PokerStars Moves to Protect Casual Players, Bans Seating Scripts and Other Tools

PokerStars is looking to level the playing field for all its players by banning a number of third-party software tools — most notably, the use of controversial seating scripts.

Director of innovation and poker for Stars, Severin Rasset, outlined the changes in a blog post this week. He officially confirmed reports that the company is looking to clamp down on anything that gives a certain segment of players a clear advantage over another, or as Severin puts it, “undermines the spirit of the game.”

Poker is a brain game,” writes Severin. “Players work on history, on perception, on their own memory, instincts, capabilities … to make the right decision. Not only do we want to preserve this, we want to see it flourish.”

Take a Seat, Any Seat

The most significant change is the elimination of seating scripts, or software that essentially helps the best players to easily identify and target the weakest players. It’s a practice that’s also known as “bum hunting.”

And while some may see it as a legitimate online strategy, there are many who feel that the fact that it’s allowed is simply keeping more casual players from ever sitting down, and a result, stagnating the overall growth of the game. After all, no one likes the feeling of having a target on their back.

It’s a move that Partypoker made almost three-and-a-half years ago. So what took so long for Stars to follow suit? Severin insists that they could have done it long ago, but they wanted to make sure they could properly police it first.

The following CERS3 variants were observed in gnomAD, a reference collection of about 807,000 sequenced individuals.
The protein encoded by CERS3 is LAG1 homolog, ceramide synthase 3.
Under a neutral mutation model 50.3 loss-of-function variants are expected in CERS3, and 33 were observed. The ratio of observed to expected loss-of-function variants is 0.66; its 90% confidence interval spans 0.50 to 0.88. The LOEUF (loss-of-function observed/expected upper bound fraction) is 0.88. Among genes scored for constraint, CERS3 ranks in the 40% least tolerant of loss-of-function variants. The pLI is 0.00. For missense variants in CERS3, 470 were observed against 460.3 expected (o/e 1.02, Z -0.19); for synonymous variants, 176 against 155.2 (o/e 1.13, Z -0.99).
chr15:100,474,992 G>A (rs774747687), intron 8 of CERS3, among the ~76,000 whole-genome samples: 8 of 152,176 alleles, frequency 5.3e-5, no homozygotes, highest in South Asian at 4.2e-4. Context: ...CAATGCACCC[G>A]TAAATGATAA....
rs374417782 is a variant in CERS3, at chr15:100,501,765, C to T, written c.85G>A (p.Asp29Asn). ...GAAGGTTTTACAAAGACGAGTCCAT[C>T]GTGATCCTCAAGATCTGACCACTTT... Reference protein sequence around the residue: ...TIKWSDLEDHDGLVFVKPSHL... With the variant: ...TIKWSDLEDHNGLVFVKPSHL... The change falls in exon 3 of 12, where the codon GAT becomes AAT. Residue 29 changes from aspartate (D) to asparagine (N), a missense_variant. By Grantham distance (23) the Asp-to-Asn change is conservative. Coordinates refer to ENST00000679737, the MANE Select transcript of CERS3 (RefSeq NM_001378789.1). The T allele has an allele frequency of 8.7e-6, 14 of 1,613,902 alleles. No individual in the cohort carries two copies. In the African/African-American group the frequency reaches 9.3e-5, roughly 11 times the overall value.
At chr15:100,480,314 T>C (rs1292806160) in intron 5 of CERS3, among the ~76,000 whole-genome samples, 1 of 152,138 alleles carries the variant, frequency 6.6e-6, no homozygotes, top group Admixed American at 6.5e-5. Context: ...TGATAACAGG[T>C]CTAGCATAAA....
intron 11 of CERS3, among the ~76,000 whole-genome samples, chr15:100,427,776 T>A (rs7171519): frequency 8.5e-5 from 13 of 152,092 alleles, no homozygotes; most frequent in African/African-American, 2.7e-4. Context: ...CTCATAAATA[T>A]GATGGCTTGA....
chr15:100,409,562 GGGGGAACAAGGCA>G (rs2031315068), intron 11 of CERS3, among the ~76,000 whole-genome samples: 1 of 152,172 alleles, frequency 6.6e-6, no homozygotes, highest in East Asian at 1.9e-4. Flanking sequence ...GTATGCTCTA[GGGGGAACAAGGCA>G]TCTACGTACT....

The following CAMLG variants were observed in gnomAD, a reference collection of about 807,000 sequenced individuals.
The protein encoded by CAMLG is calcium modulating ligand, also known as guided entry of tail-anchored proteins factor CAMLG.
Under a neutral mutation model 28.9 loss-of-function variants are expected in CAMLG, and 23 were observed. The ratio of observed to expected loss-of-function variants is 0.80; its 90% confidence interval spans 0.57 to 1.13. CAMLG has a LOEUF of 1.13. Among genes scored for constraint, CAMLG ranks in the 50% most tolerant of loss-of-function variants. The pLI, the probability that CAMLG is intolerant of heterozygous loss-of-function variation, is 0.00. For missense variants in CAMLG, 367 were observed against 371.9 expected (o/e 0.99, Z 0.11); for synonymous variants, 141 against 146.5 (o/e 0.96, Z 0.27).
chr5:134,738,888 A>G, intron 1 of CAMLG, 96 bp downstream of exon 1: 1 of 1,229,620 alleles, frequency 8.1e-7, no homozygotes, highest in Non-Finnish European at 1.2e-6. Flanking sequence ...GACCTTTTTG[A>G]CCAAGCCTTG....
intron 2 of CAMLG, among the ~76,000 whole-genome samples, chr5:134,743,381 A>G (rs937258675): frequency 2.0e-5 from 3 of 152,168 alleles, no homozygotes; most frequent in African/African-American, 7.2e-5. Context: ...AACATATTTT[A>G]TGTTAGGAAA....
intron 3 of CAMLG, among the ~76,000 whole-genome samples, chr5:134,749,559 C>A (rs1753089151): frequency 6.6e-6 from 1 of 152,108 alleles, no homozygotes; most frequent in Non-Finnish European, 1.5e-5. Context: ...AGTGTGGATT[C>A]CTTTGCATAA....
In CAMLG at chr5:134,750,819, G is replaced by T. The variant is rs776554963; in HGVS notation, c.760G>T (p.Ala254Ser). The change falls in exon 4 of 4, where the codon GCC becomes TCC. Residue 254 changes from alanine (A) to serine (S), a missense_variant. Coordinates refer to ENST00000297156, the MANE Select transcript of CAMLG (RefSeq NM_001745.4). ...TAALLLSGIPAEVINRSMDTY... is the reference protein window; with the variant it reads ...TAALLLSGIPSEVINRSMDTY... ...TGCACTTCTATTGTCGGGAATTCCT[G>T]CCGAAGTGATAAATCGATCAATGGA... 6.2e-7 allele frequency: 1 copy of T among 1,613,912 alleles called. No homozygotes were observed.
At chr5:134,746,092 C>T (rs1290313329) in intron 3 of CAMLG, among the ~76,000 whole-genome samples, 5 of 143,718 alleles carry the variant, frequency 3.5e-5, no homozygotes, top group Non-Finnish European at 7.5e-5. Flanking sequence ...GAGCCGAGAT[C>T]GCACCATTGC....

Phil Galfond’s new poker site, Run it Once, effectively got around the seating script issue by randomizing screen names every time a player joins a new table.

Other changes are coming to Stars, too.

Players will no longer be able to run any automated reference software, such as dynamic starting hand-range charts that “artificially boost performance.”

Specifically, the use of anything beyond nine, 13×13 charts has been banned.

“Reference material can only be used for basic hand decisions, like unopened pot and pre-flop decisions,” notes Rasset, “rather than as a live virtual decision maker.”

What is Allowed?

Despite the sweeping changes, Stars isn’t throwing the baby out with the bathwater. They’ll still allow players to leverage certain tools while on the grind.

Stars-Approved Tools:

  • Heads-up displays (aka, HUDs) such as PokerTracker and Jivaro
  • “Static,” table-based starting hand charts
  • Pot-odds tools, or anything that displays basic, “game-state” information
  • Hotkey software which allows players to multi-table more efficiently

For a more technical explanation of the software changes being made, check out this reference guide by Stars.

All of the new software rules come into effect on Monday, March 4.

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